know that women who consider an Executive MBA Program weigh a number of
criteria when making the choice to enroll. Women at Booth report that
learning for the sake of personal development and positioning themselves
for career success is of paramount importance in their decision-making
process. They also place a great deal of value on program fit, diversity
and inclusion measures, and financing options. To that end, we are pleased to share a new scholarship designed to help usher more talented, ambitious women into the Chicago Booth Executive MBA Program.
The Global Dean’s Initiative Scholarship for Women is new this year and will support high-potential female students in the Executive MBA Program from Chicago, London, and Hong Kong. Our intention with this scholarship is to recognize the outstanding women who apply to our program each year and support their efforts in pursuing an MBA degree.
In recent years, we have seen more women seek an MBA to empower and propel themselves in their work and to explore and prepare for possible new career directions. A recent survey conducted by EMBAC showed that EMBA programs reached the highest percentage of female enrollment ever in 2021 at 33.4 percent as compared with 30.1 percent in 2017. The Chicago Booth Executive MBA Class of 2023 includes 32 percent women, our largest percentage of women students ever. While we are encouraged by this, we still have a long way to go toward achieving gender parity in the classroom. Our female students' contributions are invaluable to the Booth classroom and community and we are committed to continuing to grow the pipeline.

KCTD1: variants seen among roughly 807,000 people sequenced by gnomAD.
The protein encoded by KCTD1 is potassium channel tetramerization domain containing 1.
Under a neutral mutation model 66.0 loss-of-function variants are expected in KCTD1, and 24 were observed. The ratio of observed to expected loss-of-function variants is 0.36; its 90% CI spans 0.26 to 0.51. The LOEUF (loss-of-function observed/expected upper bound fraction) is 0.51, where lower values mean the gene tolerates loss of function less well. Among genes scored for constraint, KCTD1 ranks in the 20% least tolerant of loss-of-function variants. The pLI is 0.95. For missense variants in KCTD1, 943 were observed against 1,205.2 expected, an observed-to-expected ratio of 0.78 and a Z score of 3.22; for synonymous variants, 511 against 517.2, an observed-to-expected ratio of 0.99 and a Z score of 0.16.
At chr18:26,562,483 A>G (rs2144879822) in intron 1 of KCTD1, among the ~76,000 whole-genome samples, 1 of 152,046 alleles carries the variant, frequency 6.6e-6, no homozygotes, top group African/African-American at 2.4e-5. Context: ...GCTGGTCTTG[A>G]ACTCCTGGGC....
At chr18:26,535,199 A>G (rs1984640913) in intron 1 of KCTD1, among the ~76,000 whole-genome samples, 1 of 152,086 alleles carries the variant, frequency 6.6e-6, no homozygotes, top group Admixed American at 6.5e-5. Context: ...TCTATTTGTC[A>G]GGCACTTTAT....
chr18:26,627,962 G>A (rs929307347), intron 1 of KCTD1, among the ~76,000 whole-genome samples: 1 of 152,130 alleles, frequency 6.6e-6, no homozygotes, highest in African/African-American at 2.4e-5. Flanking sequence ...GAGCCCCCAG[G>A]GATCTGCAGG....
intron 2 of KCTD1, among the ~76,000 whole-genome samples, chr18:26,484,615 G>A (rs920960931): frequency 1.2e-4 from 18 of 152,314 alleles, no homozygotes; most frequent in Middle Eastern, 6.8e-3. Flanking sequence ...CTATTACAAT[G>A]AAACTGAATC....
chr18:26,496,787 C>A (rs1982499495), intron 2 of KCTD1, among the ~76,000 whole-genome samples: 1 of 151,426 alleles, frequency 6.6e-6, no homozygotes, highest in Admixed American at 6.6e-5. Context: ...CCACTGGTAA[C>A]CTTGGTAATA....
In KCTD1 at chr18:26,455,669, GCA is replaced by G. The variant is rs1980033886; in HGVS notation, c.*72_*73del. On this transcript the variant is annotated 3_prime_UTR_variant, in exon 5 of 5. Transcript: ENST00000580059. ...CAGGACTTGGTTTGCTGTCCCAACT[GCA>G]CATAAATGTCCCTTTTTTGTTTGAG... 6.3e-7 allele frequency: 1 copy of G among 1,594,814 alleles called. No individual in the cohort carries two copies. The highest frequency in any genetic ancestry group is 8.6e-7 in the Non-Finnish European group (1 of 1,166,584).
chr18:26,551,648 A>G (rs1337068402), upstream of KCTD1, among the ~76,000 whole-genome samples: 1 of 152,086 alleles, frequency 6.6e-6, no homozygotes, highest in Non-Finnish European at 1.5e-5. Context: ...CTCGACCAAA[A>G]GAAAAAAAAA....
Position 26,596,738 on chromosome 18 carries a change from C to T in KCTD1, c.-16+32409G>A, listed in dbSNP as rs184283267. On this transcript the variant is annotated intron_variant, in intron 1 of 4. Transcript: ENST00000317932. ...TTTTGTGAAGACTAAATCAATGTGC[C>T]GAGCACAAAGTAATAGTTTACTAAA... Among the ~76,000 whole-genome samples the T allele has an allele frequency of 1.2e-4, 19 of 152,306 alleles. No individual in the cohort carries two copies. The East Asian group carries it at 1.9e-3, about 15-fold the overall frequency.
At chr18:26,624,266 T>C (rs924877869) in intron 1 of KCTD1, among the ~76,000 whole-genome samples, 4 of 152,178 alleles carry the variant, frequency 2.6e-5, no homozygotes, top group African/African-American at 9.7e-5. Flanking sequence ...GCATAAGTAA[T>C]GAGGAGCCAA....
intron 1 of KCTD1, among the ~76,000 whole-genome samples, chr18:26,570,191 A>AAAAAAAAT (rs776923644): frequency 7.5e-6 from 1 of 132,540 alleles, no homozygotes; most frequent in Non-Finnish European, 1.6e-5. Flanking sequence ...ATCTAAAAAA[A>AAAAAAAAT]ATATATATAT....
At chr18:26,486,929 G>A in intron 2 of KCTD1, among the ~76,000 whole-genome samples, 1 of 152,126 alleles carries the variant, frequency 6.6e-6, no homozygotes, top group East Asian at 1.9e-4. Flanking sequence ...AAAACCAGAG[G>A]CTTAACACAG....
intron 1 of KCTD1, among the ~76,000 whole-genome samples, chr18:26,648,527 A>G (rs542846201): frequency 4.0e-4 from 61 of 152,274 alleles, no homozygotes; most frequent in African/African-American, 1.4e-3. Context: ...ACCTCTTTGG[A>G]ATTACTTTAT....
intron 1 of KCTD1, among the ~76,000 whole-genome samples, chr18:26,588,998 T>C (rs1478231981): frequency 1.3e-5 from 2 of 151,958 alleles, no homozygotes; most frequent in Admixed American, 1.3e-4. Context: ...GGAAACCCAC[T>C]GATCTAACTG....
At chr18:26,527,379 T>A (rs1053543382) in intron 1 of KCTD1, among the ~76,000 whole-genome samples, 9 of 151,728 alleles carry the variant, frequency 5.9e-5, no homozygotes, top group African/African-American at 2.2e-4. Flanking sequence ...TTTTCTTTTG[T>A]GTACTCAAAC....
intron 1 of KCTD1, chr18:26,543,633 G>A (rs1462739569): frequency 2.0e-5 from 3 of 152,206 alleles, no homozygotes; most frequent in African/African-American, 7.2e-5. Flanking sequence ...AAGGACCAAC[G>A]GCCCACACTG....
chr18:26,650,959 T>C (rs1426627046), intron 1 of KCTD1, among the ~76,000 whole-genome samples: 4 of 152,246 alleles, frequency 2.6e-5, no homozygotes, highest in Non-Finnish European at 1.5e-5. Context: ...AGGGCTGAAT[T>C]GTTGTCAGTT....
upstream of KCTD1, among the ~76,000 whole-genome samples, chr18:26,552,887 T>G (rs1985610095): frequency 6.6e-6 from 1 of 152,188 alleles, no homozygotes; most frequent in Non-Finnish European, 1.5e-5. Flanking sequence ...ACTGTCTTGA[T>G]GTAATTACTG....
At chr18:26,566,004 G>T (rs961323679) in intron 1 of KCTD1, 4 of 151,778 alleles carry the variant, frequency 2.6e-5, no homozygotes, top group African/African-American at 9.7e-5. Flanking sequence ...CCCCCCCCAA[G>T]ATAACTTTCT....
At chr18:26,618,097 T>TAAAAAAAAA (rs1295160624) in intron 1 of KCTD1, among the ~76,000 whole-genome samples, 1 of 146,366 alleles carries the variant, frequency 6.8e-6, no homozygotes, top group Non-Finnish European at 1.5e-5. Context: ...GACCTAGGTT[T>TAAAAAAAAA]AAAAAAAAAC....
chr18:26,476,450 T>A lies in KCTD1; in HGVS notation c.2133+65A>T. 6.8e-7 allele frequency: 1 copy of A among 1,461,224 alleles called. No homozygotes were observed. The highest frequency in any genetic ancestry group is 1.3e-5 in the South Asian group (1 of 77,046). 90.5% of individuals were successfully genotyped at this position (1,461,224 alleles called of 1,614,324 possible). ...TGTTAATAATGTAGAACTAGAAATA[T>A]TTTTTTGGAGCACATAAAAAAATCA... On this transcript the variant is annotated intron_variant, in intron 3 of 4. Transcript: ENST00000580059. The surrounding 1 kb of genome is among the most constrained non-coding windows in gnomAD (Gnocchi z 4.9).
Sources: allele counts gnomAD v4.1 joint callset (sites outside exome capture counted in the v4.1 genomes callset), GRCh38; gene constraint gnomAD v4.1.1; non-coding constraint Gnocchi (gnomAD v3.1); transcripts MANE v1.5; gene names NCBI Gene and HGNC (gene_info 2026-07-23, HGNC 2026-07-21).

The students in this program juggle demanding careers, busy personal lives – and then they decide to add a rigorous MBA program to the mix. I am often in awe of their accomplishments and their ambitions. This quote from Laurel Van Allen, a member of the Class of 2021, sums up beautifully what this Executive MBA Program has meant to her.
“As a woman in a male-dominated profession, I am used to being the only woman in the room. I’ve had clients mistake me for my male colleagues’ assistant, I’ve been bullied, and I’ve had my ideas and opinions marginalized. It is important to me to have the confidence and know-how to successfully advocate for myself and my opinions in those situations. Shoring up my formal education and credentials is one way I can build a stronger sense of belonging in those environments. I have three sons, and I want to instill in them the idea that there is no limit to what their mom—or any woman—can achieve.”
Executive MBA Program
Julie Morton is the Associate Dean of the Executive MBA Program at the University of Chicago Booth School of Business. Julie oversees all aspects of marketing, recruiting, and admissions; student life and program operations; and a unique integrated offering that delivers global career support, leadership development, and employer relations.Julie Morton